The freshwater crab Sesarma fossarum (Decapoda, Brachyura, Sesarmidae) was only recently described as a new species. As in most other endemic Jamaican crabs that have radiated in limnic and terrestrial environments, its early life history has been largely unknown. In an experimental laboratory study this species was reared through embryonic, larval, and early juvenile development, and ontogenetic changes in biomass (contents of carbon, nitrogen, and hydrogen) were measured. The duration of egg development varied greatly within a single brood, such that larval hatching occurred through an extended period (12 d). Larval development invariably consisted of two non-feeding (fully lecithotrophic) zoeal stages and a facultatively lecithotrophic megalopa, followed by metamorphosis to the first juvenile crab stage (always feeding). The zoeal phase lasted on average 45 d, while the megalopa required 810 d. This abbreviated and largely food-independent mode of development is interpreted as a life-history adaptation to conditions of food limitation in the breeding habitat of this species (presumably maternal burrows dug in river banks). This strategy is based on an enhanced maternal energy investment in the production of large, yolk-rich eggs (ca. 1.4 mm size, 0.60.7 mg dry mass). The megalopa shows a highly flexible nutritional strategy where the appearance of a functional feeding system allows for exploitation of external energy sources, while its development remains, in principle, independent of scarcely available food. However, when megalopae were reared without any food, the first juvenile crab stage showed an enhanced mortality and a reduced body size. Decreasing C, H, and C:N values indicate that the fully endotrophic (embryonic and zoeal) phase is principally based on a utilization of lipid reserves; the same applies to the development of megalopae reared in a continued absence of food. In fed megalopae, increasing N and decreasing C:N values indicate that dietary energy was primarily invested in protein synthesis, required for the construction of new tissues and organs. Similarity in the reproductive, developmental, and bioenergetic traits of S. fossarum and other limnic or terrestrial crabs from Jamaica suggest that food limitation during the early larval phase has been one of the principal selection factors driving the evolution of the endemic non-marine clade of sesarmids towards increasing egg size and larval lecithotrophy.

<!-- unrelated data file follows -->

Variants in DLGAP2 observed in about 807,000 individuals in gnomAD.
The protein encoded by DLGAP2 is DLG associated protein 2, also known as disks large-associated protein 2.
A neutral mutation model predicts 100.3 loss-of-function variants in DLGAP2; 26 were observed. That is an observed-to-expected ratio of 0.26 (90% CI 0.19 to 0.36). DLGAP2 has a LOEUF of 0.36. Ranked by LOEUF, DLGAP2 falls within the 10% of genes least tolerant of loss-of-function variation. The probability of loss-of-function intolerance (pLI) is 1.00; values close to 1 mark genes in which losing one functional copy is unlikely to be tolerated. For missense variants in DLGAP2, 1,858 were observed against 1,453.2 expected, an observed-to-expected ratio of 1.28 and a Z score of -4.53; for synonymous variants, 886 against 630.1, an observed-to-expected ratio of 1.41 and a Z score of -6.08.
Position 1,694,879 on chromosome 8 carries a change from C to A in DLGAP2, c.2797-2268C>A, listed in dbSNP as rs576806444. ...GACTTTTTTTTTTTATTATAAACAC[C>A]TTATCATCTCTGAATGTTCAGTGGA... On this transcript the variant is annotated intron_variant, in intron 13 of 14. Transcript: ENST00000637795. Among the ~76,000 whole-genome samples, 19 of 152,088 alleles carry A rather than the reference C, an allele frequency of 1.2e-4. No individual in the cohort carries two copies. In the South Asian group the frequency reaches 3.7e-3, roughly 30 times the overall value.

Helmholtz Research Programs > MARCOPOLI (2004-2008) > CO2-Coastal diversity - key species and food webs